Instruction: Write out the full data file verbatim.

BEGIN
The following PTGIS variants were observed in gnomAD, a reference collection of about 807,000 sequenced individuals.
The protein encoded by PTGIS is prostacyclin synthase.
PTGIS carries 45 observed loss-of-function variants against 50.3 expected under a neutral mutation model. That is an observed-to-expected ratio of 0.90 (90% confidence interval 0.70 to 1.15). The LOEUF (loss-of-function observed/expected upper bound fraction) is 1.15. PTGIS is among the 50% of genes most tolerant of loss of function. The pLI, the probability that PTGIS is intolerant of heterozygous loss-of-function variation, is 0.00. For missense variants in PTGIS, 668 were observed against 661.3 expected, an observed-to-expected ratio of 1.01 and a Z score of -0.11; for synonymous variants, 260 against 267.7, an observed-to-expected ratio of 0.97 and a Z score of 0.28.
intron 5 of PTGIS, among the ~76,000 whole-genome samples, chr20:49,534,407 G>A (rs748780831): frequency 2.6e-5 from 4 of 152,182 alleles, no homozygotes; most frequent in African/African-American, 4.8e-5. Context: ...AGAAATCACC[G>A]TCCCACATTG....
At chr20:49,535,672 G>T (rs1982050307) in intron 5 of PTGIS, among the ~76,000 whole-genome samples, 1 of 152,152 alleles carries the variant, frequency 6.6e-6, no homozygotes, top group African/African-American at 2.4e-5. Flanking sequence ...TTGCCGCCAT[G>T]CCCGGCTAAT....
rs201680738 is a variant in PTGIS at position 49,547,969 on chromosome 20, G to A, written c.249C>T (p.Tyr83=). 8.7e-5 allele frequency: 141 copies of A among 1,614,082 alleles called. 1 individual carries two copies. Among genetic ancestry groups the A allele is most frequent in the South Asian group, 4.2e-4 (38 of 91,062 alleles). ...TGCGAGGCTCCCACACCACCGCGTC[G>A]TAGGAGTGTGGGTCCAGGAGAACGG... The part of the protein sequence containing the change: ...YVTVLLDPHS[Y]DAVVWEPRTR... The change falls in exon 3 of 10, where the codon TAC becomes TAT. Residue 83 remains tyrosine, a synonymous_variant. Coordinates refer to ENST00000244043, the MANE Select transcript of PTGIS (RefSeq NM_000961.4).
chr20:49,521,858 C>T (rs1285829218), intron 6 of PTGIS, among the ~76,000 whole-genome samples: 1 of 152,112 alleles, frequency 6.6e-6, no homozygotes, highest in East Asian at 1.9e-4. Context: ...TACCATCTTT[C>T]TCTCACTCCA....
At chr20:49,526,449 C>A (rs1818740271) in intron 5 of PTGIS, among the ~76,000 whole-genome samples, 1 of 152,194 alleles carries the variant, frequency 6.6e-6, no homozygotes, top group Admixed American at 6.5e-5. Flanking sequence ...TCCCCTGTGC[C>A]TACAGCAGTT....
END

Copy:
The following PTGIS variants were observed in gnomAD, a reference collection of about 807,000 sequenced individuals.
The protein encoded by PTGIS is prostacyclin synthase.
PTGIS carries 45 observed loss-of-function variants against 50.3 expected under a neutral mutation model. That is an observed-to-expected ratio of 0.90 (90% confidence interval 0.70 to 1.15). The LOEUF (loss-of-function observed/expected upper bound fraction) is 1.15. PTGIS is among the 50% of genes most tolerant of loss of function. The pLI, the probability that PTGIS is intolerant of heterozygous loss-of-function variation, is 0.00. For missense variants in PTGIS, 668 were observed against 661.3 expected, an observed-to-expected ratio of 1.01 and a Z score of -0.11; for synonymous variants, 260 against 267.7, an observed-to-expected ratio of 0.97 and a Z score of 0.28.
intron 5 of PTGIS, among the ~76,000 whole-genome samples, chr20:49,534,407 G>A (rs748780831): frequency 2.6e-5 from 4 of 152,182 alleles, no homozygotes; most frequent in African/African-American, 4.8e-5. Context: ...AGAAATCACC[G>A]TCCCACATTG....
At chr20:49,535,672 G>T (rs1982050307) in intron 5 of PTGIS, among the ~76,000 whole-genome samples, 1 of 152,152 alleles carries the variant, frequency 6.6e-6, no homozygotes, top group African/African-American at 2.4e-5. Flanking sequence ...TTGCCGCCAT[G>T]CCCGGCTAAT....
rs201680738 is a variant in PTGIS at position 49,547,969 on chromosome 20, G to A, written c.249C>T (p.Tyr83=). 8.7e-5 allele frequency: 141 copies of A among 1,614,082 alleles called. 1 individual carries two copies. Among genetic ancestry groups the A allele is most frequent in the South Asian group, 4.2e-4 (38 of 91,062 alleles). ...TGCGAGGCTCCCACACCACCGCGTC[G>A]TAGGAGTGTGGGTCCAGGAGAACGG... The part of the protein sequence containing the change: ...YVTVLLDPHS[Y]DAVVWEPRTR... The change falls in exon 3 of 10, where the codon TAC becomes TAT. Residue 83 remains tyrosine, a synonymous_variant. Coordinates refer to ENST00000244043, the MANE Select transcript of PTGIS (RefSeq NM_000961.4).
chr20:49,521,858 C>T (rs1285829218), intron 6 of PTGIS, among the ~76,000 whole-genome samples: 1 of 152,112 alleles, frequency 6.6e-6, no homozygotes, highest in East Asian at 1.9e-4. Context: ...TACCATCTTT[C>T]TCTCACTCCA....
At chr20:49,526,449 C>A (rs1818740271) in intron 5 of PTGIS, among the ~76,000 whole-genome samples, 1 of 152,194 alleles carries the variant, frequency 6.6e-6, no homozygotes, top group Admixed American at 6.5e-5. Flanking sequence ...TCCCCTGTGC[C>A]TACAGCAGTT....